2

I need to save all lines of a terminal buffer into a list after its job finishes asynchronously. I,m opening the terminal buffer like this:

  let term_buf_no = term_start(cmd, {'term_name': name, 'term_rows': 10, 'exit_cb': 'ValidateQuickfix'})

and the function

function ValidateQuickfix(job, exit_status)
  let job = a:job
  let exit_status = a:exit_status
  call s:dbg('job, exit status -> ' . job . ', ' . exit_status)
endfunction

just returns

DEBUG: job, exit status -> process 6323 dead, 2

But how can i get the terminal buffer number inside this callback?

4
  • 2
    see :h job-options, try to use out_cb
    – Maxim Kim
    Jun 24, 2022 at 14:04
  • 1
    Also :help job-functions for manipulating the job object
    – D. Ben Knoble
    Jun 24, 2022 at 14:11
  • 1
    Also :help :make for running a program synchronously and putting the output in the quickfix list (via :help errorformat and others)
    – D. Ben Knoble
    Jun 24, 2022 at 14:12
  • If you’ve ended up with extra accounts we can help you merge them.
    – D. Ben Knoble
    Jan 27, 2023 at 13:17

2 Answers 2

0

The job you get on call-back is a Job object. When used as a string, e.g:

echo "Job: " . a:job

you get the PID. You can however get a lot of information from the Job spec using various functions, for example job_info(a:job). For example:

job {
  status             : 'dead'                       # String
  cmd                [                              # List
    0                  : 'ls'                       # String
  ]
  termsig            : ''                           # String
  stoponexit         : 'term'                       # String
  tty_out            : '/dev/pts/31'                # String
  exitval            :  0                           # Number
  exit_cb            : '<SNR>123_ValidateQuickfix'  # String
  tty_in             : '/dev/pts/31'                # String
  channel            {                              # Channel
    status             : 'buffered'                 # String
    id                 :  2                         # Number
    in_io              : 'pipe'                     # String
    err_mode           : 'RAW'                      # String
    in_status          : 'closed'                   # String
    out_io             : 'buffer'                   # String
    err_io             : 'buffer'                   # String
    err_status         : 'closed'                   # String
    out_timeout        :  2000                      # Number
    out_status         : 'buffered'                 # String
    out_mode           : 'RAW'                      # String
    in_mode            : 'RAW'                      # String
    in_timeout         :  2000                      # Number
    err_timeout        :  2000                      # Number
  }
  process            :  15695                       # Number
}


In your case you can use ch_getbufnr(a:job, "out") - this returns the buffer number for the process.

At least on my tests there is a caveat though. If out_io is not set to "buffer" there is no guarantee the buffer has been written to on call-back. With it set to "buffer" the terminal window itself would be empty (as it writes to another buffer).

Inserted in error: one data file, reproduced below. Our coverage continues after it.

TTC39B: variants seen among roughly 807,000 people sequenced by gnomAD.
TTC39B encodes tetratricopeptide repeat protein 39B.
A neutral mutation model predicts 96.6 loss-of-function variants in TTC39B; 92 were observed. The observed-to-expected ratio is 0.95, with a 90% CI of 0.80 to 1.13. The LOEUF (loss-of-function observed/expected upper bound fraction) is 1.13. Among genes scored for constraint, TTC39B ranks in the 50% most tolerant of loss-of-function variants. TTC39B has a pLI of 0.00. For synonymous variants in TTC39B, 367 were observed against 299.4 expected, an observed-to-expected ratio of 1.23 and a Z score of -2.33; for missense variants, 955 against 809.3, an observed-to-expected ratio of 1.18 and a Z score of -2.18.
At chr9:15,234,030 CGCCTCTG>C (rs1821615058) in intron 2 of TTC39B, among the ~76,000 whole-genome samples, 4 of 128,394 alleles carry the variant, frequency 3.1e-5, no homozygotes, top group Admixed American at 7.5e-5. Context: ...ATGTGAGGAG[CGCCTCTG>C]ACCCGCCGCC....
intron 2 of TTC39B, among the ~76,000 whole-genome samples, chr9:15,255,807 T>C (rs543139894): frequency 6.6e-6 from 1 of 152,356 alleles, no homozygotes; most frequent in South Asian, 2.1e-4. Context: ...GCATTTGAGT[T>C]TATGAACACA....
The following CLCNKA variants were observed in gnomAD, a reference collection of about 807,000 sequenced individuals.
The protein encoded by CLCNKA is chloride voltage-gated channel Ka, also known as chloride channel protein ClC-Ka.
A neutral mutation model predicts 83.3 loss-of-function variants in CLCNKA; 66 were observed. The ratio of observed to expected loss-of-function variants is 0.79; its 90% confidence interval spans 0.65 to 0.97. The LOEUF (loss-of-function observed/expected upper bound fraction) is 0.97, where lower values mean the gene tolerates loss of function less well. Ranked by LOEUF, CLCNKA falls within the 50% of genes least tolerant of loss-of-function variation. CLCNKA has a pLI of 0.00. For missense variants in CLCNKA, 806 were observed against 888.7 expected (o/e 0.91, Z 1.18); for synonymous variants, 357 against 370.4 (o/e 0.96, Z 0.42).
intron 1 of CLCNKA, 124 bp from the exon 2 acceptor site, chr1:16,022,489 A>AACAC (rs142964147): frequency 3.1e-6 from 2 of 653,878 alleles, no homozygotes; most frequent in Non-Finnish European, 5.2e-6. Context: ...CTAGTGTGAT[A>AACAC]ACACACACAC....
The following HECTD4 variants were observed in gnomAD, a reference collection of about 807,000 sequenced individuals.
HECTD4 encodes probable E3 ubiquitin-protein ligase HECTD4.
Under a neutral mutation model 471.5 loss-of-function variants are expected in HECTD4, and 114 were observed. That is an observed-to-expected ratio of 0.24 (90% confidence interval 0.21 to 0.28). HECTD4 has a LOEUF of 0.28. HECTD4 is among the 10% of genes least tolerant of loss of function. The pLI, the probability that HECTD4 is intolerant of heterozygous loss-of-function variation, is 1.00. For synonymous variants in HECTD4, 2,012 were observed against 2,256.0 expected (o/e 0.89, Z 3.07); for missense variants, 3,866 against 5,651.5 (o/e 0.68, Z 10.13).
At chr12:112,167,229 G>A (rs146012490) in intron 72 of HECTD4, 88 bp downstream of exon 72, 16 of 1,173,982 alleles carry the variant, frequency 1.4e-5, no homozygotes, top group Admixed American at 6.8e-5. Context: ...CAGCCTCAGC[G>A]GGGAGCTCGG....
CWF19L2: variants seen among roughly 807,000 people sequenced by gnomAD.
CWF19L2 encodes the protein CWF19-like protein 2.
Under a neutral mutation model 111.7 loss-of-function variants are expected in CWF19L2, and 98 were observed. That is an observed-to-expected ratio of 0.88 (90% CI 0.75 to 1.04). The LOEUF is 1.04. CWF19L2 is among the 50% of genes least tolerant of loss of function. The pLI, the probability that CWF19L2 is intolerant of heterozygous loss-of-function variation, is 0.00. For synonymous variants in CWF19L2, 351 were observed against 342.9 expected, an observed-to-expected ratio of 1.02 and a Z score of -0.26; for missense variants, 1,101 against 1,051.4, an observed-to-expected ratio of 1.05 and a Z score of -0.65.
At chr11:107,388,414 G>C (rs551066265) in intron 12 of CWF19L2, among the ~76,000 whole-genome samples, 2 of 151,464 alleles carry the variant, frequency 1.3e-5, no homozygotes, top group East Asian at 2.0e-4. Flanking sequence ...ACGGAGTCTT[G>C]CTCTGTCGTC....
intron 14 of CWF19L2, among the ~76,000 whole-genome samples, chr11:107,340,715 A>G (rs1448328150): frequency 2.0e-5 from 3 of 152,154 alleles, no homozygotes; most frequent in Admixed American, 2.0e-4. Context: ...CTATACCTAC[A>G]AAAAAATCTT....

Testing with exit_cb and something like this:

fun! s:SafeRead(bufnr)
    let txt = getbufline(a:bufnr, 1, '$')
endfun
fun! s:ValidateQuickfix(job, exit_status)
    let bufnr = ch_getbufnr(a:job, "out")
    exe "autocmd SafeState * ++once call s:SafeRead(" . bufnr . ")"
endfun

the buffer is empty. Using close_cb and the same routine the text is present, but not sure how reliable that is. Without the autocmd routine the buffer is always empty on call-back. (You could perhaps do some flush routine).

Best approach would likely be to use some combination of "out_io": "buffer". That would of course render the terminal rather useless at is empty.

You can also use ch_readraw() to read the contents from the buffer. :h channel-more. This would also render terminal empty.

You could also read specific stream, e.g: ch_readraw(a:job, {"part":"err"})

0

The term_wait() function solved it. This functions specifies the number of milliseconds to wait before the terminal buffer is considered synchronized. Default is 10, after increasing it to 100, its content is completely read and its last line is really the last one and i can use it in a script further on. Therefore, inside the function defined in exit_cb parameter, run the following:

...
let term_buf_no = ch_getbufnr(job, 'out')
call term_wait(term_buf_no, 100)
let result = getbufline(term_buf_no, 1, '$')
...
2
  • Details on how would be nice.
    – D. Ben Knoble
    Jan 27, 2023 at 13:17
  • Your answer could be improved with additional supporting information. Please edit to add further details, such as citations or documentation, so that others can confirm that your answer is correct. You can find more information on how to write good answers in the help center.
    – Community Bot
    Jan 27, 2023 at 13:17

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